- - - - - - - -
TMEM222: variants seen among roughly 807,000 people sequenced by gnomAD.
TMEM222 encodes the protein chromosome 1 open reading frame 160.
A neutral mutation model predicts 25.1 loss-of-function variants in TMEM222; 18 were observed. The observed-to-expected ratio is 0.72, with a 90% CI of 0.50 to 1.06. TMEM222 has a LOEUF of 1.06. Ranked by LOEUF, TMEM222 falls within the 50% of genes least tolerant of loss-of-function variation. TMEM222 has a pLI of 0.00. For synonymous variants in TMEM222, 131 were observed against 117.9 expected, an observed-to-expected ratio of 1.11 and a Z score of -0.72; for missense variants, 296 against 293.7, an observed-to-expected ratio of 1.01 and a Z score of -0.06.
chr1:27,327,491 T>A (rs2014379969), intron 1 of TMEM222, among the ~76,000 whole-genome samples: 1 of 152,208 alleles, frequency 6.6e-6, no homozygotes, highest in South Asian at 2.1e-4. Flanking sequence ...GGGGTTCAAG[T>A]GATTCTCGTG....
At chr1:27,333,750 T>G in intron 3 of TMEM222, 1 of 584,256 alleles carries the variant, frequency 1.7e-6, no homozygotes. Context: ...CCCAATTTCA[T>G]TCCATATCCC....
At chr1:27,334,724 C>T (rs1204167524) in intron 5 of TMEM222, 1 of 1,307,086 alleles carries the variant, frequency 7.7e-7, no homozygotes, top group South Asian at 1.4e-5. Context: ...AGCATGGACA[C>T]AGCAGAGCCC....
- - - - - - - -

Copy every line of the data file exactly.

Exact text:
TMEM222: variants seen among roughly 807,000 people sequenced by gnomAD.
TMEM222 encodes the protein chromosome 1 open reading frame 160.
A neutral mutation model predicts 25.1 loss-of-function variants in TMEM222; 18 were observed. The observed-to-expected ratio is 0.72, with a 90% CI of 0.50 to 1.06. TMEM222 has a LOEUF of 1.06. Ranked by LOEUF, TMEM222 falls within the 50% of genes least tolerant of loss-of-function variation. TMEM222 has a pLI of 0.00. For synonymous variants in TMEM222, 131 were observed against 117.9 expected, an observed-to-expected ratio of 1.11 and a Z score of -0.72; for missense variants, 296 against 293.7, an observed-to-expected ratio of 1.01 and a Z score of -0.06.
chr1:27,327,491 T>A (rs2014379969), intron 1 of TMEM222, among the ~76,000 whole-genome samples: 1 of 152,208 alleles, frequency 6.6e-6, no homozygotes, highest in South Asian at 2.1e-4. Flanking sequence ...GGGGTTCAAG[T>A]GATTCTCGTG....
At chr1:27,333,750 T>G in intron 3 of TMEM222, 1 of 584,256 alleles carries the variant, frequency 1.7e-6, no homozygotes. Context: ...CCCAATTTCA[T>G]TCCATATCCC....
At chr1:27,334,724 C>T (rs1204167524) in intron 5 of TMEM222, 1 of 1,307,086 alleles carries the variant, frequency 7.7e-7, no homozygotes, top group South Asian at 1.4e-5. Context: ...AGCATGGACA[C>T]AGCAGAGCCC....